High earners should consider making continued contributions to their pensions despite the possibility they might exceed their tapered annual allowance limit, as the benefits could outweigh the tax charge, Prudential has said.
Brought in by former chancellor George Osborne, from 6 April 2016, the taper reduces the amount of tax-relief given on pension savings made by an individual or their employer gradually by £1 for every £2 of adjusted income over £150,000, and down to a minimum of £10,000.
Les Cameron, head of technical at Prudential, said there was no right answer for all but advisers should consider whether the benefit of making extra contributions outweighed the cost of the additional tax.
The problem for many advisers is the calculation of the income limits is complex and it includes all types of income including rental income and income from investments, some of which may not become apparent until after the tax year ends.
Despite this, a recent Prudential webinar, which was hosted with the Institute of Chartered Accountants in England and Wales (ICAEW), a survey of 100 participants showed 90 per cent believed it would be a mistake for people to opt out of a pension to avoid paying annual allowance charges.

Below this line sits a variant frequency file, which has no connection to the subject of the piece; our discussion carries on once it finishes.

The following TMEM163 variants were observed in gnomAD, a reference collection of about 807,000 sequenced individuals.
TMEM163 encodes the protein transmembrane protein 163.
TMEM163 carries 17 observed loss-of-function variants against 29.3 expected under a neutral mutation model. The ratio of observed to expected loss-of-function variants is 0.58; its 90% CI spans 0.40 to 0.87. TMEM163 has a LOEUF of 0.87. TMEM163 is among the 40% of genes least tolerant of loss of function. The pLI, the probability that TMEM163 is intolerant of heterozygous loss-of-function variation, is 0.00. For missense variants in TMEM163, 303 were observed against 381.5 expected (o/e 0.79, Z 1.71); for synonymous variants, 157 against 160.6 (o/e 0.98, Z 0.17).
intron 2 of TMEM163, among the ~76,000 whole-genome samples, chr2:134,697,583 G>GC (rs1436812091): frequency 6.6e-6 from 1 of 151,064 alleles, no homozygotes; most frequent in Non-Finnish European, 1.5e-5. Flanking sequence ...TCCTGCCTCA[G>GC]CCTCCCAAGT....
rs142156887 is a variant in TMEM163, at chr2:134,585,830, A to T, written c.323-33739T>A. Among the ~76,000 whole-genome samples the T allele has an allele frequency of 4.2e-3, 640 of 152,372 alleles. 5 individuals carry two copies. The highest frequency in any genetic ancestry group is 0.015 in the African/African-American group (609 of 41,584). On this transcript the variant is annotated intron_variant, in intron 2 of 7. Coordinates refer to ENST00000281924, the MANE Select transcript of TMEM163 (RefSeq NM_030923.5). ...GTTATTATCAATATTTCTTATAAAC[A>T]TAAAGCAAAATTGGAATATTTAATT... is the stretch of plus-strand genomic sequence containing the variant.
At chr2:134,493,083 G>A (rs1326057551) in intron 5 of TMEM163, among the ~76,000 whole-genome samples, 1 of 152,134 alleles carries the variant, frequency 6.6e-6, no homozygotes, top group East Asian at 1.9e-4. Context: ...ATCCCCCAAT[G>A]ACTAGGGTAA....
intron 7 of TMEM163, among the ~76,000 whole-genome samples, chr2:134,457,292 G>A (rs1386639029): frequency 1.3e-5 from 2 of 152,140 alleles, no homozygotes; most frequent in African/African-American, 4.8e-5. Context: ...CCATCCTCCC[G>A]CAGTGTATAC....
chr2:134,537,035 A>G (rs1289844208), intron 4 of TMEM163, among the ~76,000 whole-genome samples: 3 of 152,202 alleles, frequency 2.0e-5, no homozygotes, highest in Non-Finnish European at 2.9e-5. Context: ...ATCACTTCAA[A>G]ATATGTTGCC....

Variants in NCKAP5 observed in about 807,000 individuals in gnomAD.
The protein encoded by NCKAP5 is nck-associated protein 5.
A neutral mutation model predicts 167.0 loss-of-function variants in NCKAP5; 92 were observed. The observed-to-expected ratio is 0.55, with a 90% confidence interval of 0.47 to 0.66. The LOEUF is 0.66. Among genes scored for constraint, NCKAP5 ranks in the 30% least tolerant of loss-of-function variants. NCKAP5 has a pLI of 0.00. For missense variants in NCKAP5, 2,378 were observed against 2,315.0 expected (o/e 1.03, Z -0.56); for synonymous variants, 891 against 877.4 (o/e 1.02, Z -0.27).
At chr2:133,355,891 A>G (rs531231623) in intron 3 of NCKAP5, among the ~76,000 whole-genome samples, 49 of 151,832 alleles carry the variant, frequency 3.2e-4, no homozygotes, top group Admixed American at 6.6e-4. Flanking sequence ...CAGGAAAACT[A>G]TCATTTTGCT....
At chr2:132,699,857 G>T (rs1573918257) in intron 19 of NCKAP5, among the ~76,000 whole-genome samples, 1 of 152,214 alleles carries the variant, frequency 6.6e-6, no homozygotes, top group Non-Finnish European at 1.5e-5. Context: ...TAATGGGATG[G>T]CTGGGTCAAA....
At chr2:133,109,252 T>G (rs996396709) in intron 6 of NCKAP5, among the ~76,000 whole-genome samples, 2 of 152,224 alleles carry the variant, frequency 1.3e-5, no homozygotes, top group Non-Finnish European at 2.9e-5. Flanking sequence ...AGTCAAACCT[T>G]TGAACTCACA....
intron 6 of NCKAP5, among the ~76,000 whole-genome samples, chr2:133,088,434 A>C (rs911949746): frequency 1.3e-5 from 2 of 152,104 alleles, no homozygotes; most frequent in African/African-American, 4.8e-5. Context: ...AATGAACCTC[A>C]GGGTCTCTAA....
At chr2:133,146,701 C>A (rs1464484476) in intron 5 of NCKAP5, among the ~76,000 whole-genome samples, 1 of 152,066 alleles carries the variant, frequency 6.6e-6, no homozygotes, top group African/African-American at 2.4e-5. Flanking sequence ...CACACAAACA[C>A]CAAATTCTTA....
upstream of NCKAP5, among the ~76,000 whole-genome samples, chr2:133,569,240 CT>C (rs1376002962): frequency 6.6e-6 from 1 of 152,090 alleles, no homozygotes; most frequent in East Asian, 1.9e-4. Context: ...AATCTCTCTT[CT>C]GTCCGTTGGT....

At the same time 80 per cent believed the tapered annual allowance would lead to unexpected tax bills and 44 per cent regarded the rules to be unfair.
Mr Cameron said: “This survey provides a snapshot of how accountants and advisers regard the annual allowance, particularly the tapered annual allowance.
“Most people find it fiendishly complex and unlike the annual allowance and money purchase annual allowance it’s generally not possible for a pension scheme to know their member has exceeded the limit.
“The key point is the overwhelming agreement that you should think carefully before opting out of any pension provision simply to avoid a tax charge. Sometimes the net benefit still makes it worthwhile.”
John Gaskell, head of personal financial planning at ICAEW, appealed to advisers and accountants to work together when helping clients get to grips with the complexities around tax and pensions.
He said: “This is one area of financial planning where it’s generally not possible for either an accountant or a financial adviser to fully deliver the best client outcome on their own.
“Only by the professions working together can this be achieved, as they each bring their own area of specialism to the table.”
Alistair Cunningham, financial planning director at Wingate Financial Planning, said: “It's very difficult. For those who are in employment on fixed pay, without bonuses, and making regular contributions the calculations can be done in the tax year and the system can work.
“For those self employed, with a variable bonus or irregular pension contributions, including final salary schemes, the figures are unworkable until after the tax year end, sometimes months after.
“The system is far too complex and I wonder if catching people out is part of the point.”